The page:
A number of African Americans would find their way into college sports on predominately white university campuses during the first two decades of the twentieth century. While most African Americans were being eliminated from organized sports at various levels of competition during this period, a very select number of very gifted and academically talented African Americans were distinguishing themselves as genuine student-athletes on predominantly white university campuses.
Like their predecessors, these individuals came largely from upper-middle-class families and would find much success in professional careers once their playing days were over. There were, however, a number of distinguishing participation patterns developing that would have a decided effect, in some cases quite negative in scope, on African American college athletes in particular and on predominantly white university sport more generally. One pattern that had developed was the funneling of the largest number of African American college athletes into football, track, and, to a lesser extent, baseball--the three sports that dominated university life during the early years of the twentieth century. Just in track alone during this period, there were such great and nationally known performers as Edward Solomon Butler of Dubuque's German College, Henry Binga Dismond of the University of Chicago, John Taylor of the University of Pennsylvania, Theodore Ted Cable of Harvard, Howard Drew of the University of Southern California, and George Poage of the University of Wisconsin.
In addition to the sports in which they participated, a geographical pattern emerged among African American student-athletes that would mirror the approach taken by predominantly white universities toward black and other minority groups. African American student-athletes continued to participate in college sport at Amherst, Harvard, historically liberal Oberlin College, several private institutions across the country, and a number of state-supported universities such as those in the Western Conference. Conspicuous by their absence from this list were some Catholic universities, both the Army and Navy service academies, Yale, and Princeton. The University of Notre Dame did not have any African Americans on its athletic teams until the 1950s, the Naval Academy had no African Americans on its athletic teams and refused for years to compete against institutions that did, and Princeton, seemingly out of deference to its small contingent of southern students, did the same thing.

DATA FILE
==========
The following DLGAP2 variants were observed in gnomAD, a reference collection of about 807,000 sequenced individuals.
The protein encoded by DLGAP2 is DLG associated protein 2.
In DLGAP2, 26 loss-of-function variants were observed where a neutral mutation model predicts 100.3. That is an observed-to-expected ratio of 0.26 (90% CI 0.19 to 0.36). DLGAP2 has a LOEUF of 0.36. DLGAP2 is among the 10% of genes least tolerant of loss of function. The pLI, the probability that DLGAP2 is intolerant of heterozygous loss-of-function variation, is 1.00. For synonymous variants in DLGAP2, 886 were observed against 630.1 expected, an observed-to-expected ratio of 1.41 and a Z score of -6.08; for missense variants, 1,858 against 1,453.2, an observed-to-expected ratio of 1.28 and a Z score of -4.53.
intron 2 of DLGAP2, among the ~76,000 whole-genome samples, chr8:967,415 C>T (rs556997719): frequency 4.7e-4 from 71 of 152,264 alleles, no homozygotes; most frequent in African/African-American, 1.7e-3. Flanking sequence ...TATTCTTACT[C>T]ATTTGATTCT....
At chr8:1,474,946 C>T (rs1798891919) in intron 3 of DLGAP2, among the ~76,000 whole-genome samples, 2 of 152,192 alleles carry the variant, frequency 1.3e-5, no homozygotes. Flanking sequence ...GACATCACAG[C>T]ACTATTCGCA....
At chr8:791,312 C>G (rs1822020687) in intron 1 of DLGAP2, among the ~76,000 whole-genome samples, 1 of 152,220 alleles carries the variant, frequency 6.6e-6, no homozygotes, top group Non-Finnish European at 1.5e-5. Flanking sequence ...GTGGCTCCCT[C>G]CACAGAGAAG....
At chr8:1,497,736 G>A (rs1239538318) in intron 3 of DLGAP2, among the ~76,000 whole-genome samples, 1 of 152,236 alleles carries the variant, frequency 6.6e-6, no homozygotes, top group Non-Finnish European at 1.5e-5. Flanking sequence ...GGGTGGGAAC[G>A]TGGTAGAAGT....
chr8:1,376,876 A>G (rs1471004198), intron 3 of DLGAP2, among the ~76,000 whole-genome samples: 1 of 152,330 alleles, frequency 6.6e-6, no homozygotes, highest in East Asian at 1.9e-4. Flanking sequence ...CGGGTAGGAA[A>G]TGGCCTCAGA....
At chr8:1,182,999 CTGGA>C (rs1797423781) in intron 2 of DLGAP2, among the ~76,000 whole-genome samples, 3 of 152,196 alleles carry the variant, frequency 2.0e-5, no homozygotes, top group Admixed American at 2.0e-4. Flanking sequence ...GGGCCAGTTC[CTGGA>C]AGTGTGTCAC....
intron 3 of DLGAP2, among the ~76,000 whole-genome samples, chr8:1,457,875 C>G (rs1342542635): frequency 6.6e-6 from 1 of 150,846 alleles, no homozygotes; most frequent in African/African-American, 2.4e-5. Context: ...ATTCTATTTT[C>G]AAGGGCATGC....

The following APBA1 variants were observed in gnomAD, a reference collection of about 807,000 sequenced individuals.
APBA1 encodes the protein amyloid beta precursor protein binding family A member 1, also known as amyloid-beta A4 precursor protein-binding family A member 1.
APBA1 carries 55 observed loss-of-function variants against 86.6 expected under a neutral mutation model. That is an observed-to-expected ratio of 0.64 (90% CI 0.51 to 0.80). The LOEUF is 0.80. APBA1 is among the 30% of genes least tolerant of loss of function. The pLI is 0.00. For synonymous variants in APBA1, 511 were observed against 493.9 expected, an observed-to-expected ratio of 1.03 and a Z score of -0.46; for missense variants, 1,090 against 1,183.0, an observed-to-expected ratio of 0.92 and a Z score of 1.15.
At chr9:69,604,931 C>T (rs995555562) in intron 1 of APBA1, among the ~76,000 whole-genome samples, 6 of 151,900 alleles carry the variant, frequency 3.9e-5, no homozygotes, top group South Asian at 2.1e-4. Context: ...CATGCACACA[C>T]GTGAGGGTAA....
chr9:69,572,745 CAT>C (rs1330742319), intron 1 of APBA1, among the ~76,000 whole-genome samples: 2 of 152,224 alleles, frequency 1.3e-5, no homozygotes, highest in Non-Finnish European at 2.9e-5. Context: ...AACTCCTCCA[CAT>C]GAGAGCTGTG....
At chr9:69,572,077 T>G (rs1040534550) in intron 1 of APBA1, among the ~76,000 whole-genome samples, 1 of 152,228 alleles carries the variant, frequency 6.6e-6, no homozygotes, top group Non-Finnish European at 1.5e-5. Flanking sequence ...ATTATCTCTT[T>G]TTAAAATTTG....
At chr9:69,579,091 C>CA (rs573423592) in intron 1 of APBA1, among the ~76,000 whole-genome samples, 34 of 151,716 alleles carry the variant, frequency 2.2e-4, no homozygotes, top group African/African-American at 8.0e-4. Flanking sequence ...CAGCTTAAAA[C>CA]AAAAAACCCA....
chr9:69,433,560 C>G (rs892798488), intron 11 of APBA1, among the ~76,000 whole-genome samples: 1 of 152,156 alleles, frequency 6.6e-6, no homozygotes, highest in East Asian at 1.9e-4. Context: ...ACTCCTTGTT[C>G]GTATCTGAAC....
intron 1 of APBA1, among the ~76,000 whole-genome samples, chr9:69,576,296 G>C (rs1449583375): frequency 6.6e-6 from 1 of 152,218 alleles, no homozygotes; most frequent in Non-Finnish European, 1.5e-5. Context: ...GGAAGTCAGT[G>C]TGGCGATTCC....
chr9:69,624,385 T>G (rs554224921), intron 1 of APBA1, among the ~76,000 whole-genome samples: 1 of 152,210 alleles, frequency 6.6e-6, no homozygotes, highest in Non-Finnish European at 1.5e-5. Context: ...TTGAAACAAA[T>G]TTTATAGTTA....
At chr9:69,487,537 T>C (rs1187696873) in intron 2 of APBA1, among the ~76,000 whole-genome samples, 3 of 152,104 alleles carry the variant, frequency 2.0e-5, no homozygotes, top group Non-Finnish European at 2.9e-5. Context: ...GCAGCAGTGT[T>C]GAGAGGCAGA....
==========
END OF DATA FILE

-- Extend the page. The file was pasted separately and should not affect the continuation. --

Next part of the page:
Besides their disproportionate representation in particular sports and exclusion from teams that would become future sports powerhouses of predominantly white institutions, African American college athletes experienced blatant forms of racial discrimination that lasted throughout much of the first half of the twentieth century. Examples of this can be gleaned from the experiences of Fritz Pollard and Paul Robeson, two of the early twentieth century's most famous African American college athletes. Pollard, the great running back from Brown University who was selected to Walter Camp's All-American team in 1916, regularly competed against individuals who utilized illegal tactics in order to injure him and take him out of games. The treatment he received off the field was not necessarily any better, as he was sometimes denied service on public transportation and had to make special arrangements to stay in hotels with his white teammates during away games.
Robeson, the great singer, actor, and athlete who was both Phi Beta Kappa and class valedictorian at Rutgers University, had similar experiences to Pollard. The most famous and written-about racial insult he experienced while in college occurred in 1916, when he was held out of a football game against Washington and Lee University, which refused to play against any teams with African Americans. Importantly, the snubbing of Robeson caused no immediate outpouring of protest. Nearly three years after the incident, a protest was finally lodged by James Carr, Rutgers first black graduate and Phi Beta Kappa honor student, who admonished his alma mater's football coach George Sanford for acquiescing to the racist policies of Washington and Lee. In a scathing letter addressed to Rutgers's president William Demarest, Carr wrote that, [t] he Trustees and Faculty of Rutgers College should disavow the action of an athletic manager who dishonored her ancient traditions by denying to one of her students solely on account of his color, equality of opportunity and privilege.